Bartow old timers, and I certainly count myself among them, are familiar with the unique claim to fame of Roy Trent Gallemore, a distinguished Naval officer from a family of distinguished Naval officers.
He is not so much famous for attaining the rank of captain (one rank below admiral) as he is for bringing in a submarine under sail in May 1921. It had never been done before, and probably has never been done since.
This he did holding the rank of lieutenant (the equivalent to captain in the Army) as engineering officer on a submarine designated simply as USS R-14.
History records that the sub “lost power” and that he rigged sails out of bunk frames, eight canvas hammocks, and 14 blankets. Thus propelled, he sailed the Good Ship R-14 some 100 miles to bring it into port.
In preparing my remarks for the induction into the Bartow High School Hall of Fame Tuesday night of Roy Trent Gallemore and his son, Roy Holland Gallemore, also a Naval captain in the submarine service, I asked my good friend Lloyd Harris if he could find out a little more detail about the sail episode. I reported on the fruits of his research at the Hall of Fame ceremony.
The acting commanding officer of the R-14, Alexander Dean Douglas, also held the rank of lieutenant, a remarkably junior rank to command a sub. I am told that today, such a vessel probably would be commanded by an officer with the rank of commander or even captain.
The web site on that vessel reports that the “mechanical failure” was caused by running out of gas.
I once asked Roy Holland why they didn’t just radio for help. His response was that in those days, radio communications were so limited that Naval vessels often could not talk with other ships that were so close they could see each other.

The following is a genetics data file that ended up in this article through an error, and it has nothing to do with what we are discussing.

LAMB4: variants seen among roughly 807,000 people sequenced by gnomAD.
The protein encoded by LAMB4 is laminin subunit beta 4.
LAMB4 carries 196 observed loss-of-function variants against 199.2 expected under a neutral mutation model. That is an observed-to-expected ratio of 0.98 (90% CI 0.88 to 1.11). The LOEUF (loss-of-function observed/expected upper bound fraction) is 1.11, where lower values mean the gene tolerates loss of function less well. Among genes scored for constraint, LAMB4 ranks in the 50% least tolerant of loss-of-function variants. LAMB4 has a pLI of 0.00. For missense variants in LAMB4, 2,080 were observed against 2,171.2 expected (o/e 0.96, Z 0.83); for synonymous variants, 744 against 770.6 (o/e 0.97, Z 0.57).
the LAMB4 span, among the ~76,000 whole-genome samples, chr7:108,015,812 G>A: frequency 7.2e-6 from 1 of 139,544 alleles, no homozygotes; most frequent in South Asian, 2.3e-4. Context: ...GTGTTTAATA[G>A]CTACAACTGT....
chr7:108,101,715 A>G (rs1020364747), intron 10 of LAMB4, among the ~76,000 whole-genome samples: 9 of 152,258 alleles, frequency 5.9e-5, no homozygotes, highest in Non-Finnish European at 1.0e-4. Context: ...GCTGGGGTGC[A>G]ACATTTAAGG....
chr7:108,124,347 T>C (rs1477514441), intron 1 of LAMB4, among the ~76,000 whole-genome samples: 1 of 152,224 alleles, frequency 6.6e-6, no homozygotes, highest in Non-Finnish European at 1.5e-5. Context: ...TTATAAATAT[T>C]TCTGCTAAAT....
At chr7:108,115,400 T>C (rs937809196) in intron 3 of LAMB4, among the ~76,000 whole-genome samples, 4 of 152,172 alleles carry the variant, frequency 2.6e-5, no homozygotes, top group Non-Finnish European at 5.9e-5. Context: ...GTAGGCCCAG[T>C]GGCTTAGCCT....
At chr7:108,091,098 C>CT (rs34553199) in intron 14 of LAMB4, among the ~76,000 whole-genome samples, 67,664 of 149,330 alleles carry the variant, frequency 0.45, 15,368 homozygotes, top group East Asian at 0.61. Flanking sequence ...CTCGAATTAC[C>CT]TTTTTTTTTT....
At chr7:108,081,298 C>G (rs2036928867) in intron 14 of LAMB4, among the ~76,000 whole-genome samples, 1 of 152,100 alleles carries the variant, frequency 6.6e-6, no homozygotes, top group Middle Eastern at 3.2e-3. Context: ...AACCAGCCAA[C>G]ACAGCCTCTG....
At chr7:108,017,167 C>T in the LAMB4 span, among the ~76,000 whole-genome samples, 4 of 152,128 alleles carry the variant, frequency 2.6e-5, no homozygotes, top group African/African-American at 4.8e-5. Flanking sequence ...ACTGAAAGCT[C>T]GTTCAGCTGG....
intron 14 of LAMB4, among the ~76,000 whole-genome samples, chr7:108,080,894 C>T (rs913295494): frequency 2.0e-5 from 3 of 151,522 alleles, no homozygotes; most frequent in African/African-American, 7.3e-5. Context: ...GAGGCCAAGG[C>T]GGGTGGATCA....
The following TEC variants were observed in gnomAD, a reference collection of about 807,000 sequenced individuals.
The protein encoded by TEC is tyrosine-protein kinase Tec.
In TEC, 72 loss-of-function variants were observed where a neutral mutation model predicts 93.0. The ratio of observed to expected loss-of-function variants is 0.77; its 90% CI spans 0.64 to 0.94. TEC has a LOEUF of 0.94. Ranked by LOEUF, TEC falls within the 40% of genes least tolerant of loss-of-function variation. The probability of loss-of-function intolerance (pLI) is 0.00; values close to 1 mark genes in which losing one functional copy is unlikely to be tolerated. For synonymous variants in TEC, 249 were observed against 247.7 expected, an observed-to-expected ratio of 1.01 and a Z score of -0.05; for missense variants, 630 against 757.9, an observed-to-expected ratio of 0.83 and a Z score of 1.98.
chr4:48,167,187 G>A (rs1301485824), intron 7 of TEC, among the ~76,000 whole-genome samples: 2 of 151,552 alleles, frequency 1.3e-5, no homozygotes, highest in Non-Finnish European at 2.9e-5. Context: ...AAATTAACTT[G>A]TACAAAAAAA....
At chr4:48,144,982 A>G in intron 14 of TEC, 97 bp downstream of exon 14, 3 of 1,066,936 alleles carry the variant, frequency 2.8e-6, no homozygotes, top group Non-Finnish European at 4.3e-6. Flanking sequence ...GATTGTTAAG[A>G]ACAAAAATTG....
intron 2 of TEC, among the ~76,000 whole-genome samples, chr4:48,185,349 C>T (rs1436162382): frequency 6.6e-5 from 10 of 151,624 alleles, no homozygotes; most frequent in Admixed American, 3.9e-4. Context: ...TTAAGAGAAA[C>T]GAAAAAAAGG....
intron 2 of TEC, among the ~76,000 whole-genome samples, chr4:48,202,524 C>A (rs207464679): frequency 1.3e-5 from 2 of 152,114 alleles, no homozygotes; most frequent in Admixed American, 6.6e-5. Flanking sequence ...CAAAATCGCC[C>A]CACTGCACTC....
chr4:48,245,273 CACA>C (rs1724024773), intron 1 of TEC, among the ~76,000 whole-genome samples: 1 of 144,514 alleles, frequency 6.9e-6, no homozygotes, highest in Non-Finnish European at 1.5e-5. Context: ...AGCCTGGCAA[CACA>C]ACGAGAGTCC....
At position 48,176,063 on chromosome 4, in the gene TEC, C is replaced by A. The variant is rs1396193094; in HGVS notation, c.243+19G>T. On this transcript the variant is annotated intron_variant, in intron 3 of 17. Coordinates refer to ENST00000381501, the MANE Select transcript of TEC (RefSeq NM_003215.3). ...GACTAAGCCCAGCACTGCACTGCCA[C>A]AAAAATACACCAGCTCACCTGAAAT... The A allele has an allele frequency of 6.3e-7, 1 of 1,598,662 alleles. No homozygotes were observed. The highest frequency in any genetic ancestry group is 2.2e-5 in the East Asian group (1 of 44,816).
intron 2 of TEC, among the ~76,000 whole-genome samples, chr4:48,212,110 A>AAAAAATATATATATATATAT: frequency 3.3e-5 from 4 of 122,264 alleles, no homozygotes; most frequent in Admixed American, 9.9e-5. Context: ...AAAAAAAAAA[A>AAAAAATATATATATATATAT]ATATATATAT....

For a couple of moments, put yourself in the place of a young Naval Lieutenant Douglas, on his first sea-going command. The Chief of the Boat has just come to you and said, “Sir, we seem to have a problem in the propulsion system.”
“And what would that problem be, Chief?” the young lieutenant would have responded, youthful optimism in his voice.
“Uh, Sir, we’re out of gas.”
Now you are the young officer, visions of making lieutenant commander or commander or even captain circulating within your cranium. And you picture yourself getting on the radio and telling your commander, “Sir, we appear to need a tow for the next 100 miles.”
“And why would that be, Lieutenant?” this senior officer would reply, with little hint of sympathy in his voice. “Because we ran out of gas,” the lieutenant would reply, visions of his next two or three promotion parties circling the drain.
Whether or not that’s what really motivated the sail-making project we will never know, but we do know that Lieutenant Roy Trent Gallemore, engineering officer on the USS R-14, made Naval history, and may have saved his commander’s career, by figuring out how to bring in a sub under sail.
Not only did Lieutenant Douglas’s career survive; he received a letter of commendation from his superior, who then held the rank of commander, Chester W. Nimitz. Nimitz would go on to become one of only four Naval officers to achieve the five-star rank of fleet admiral. Not a bad letter to have in your file.
And therein lies a harsh reality of the military: Lieutenant Gallemore saved the day, but his commander got the recognition (except in Bartow, where we know the whole story).
In the military, as in civilian life, a major key to success is to have brilliant people working for you.
(S. L. Frisbie is a retired Army officer, having spent two years on active duty and 30 years in the Florida National Guard. Had he chosen a Naval career, he probably would have followed the preference of most Naval officers and chosen to serve on ships which stay on top of the water, not under it.)